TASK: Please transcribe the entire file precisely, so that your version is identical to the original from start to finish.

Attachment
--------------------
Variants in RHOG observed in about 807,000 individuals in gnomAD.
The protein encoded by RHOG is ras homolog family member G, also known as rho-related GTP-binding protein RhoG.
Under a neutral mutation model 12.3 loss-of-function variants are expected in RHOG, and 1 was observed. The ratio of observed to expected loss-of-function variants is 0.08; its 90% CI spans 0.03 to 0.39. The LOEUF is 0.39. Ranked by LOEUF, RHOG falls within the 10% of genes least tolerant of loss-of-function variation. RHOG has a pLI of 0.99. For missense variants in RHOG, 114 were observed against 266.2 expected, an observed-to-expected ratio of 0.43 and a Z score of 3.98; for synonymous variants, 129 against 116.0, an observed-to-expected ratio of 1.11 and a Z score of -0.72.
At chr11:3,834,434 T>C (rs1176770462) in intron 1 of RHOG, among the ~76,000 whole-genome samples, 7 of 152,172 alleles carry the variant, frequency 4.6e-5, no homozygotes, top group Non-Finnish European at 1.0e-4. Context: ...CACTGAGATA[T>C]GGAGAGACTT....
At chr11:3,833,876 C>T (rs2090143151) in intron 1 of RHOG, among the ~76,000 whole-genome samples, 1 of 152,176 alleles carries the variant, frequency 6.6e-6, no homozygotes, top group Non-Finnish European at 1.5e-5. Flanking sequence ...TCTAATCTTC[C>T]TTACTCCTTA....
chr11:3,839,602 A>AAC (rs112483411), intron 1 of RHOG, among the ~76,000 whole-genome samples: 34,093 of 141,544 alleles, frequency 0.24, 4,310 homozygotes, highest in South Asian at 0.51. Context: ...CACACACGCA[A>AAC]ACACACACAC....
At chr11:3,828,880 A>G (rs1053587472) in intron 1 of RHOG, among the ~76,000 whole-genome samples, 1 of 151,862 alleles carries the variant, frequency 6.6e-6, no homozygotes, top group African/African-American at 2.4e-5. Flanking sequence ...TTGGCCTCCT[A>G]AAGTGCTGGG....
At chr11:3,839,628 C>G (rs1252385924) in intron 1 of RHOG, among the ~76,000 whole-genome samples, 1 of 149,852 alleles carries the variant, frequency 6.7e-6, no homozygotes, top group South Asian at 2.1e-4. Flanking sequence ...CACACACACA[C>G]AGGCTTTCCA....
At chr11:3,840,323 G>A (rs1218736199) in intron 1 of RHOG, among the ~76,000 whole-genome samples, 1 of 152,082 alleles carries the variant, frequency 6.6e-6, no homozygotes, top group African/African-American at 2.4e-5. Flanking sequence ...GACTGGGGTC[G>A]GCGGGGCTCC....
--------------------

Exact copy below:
Variants in RHOG observed in about 807,000 individuals in gnomAD.
The protein encoded by RHOG is ras homolog family member G, also known as rho-related GTP-binding protein RhoG.
Under a neutral mutation model 12.3 loss-of-function variants are expected in RHOG, and 1 was observed. The ratio of observed to expected loss-of-function variants is 0.08; its 90% CI spans 0.03 to 0.39. The LOEUF is 0.39. Ranked by LOEUF, RHOG falls within the 10% of genes least tolerant of loss-of-function variation. RHOG has a pLI of 0.99. For missense variants in RHOG, 114 were observed against 266.2 expected, an observed-to-expected ratio of 0.43 and a Z score of 3.98; for synonymous variants, 129 against 116.0, an observed-to-expected ratio of 1.11 and a Z score of -0.72.
At chr11:3,834,434 T>C (rs1176770462) in intron 1 of RHOG, among the ~76,000 whole-genome samples, 7 of 152,172 alleles carry the variant, frequency 4.6e-5, no homozygotes, top group Non-Finnish European at 1.0e-4. Context: ...CACTGAGATA[T>C]GGAGAGACTT....
At chr11:3,833,876 C>T (rs2090143151) in intron 1 of RHOG, among the ~76,000 whole-genome samples, 1 of 152,176 alleles carries the variant, frequency 6.6e-6, no homozygotes, top group Non-Finnish European at 1.5e-5. Flanking sequence ...TCTAATCTTC[C>T]TTACTCCTTA....
chr11:3,839,602 A>AAC (rs112483411), intron 1 of RHOG, among the ~76,000 whole-genome samples: 34,093 of 141,544 alleles, frequency 0.24, 4,310 homozygotes, highest in South Asian at 0.51. Context: ...CACACACGCA[A>AAC]ACACACACAC....
At chr11:3,828,880 A>G (rs1053587472) in intron 1 of RHOG, among the ~76,000 whole-genome samples, 1 of 151,862 alleles carries the variant, frequency 6.6e-6, no homozygotes, top group African/African-American at 2.4e-5. Flanking sequence ...TTGGCCTCCT[A>G]AAGTGCTGGG....
At chr11:3,839,628 C>G (rs1252385924) in intron 1 of RHOG, among the ~76,000 whole-genome samples, 1 of 149,852 alleles carries the variant, frequency 6.7e-6, no homozygotes, top group South Asian at 2.1e-4. Flanking sequence ...CACACACACA[C>G]AGGCTTTCCA....
At chr11:3,840,323 G>A (rs1218736199) in intron 1 of RHOG, among the ~76,000 whole-genome samples, 1 of 152,082 alleles carries the variant, frequency 6.6e-6, no homozygotes, top group African/African-American at 2.4e-5. Flanking sequence ...GACTGGGGTC[G>A]GCGGGGCTCC....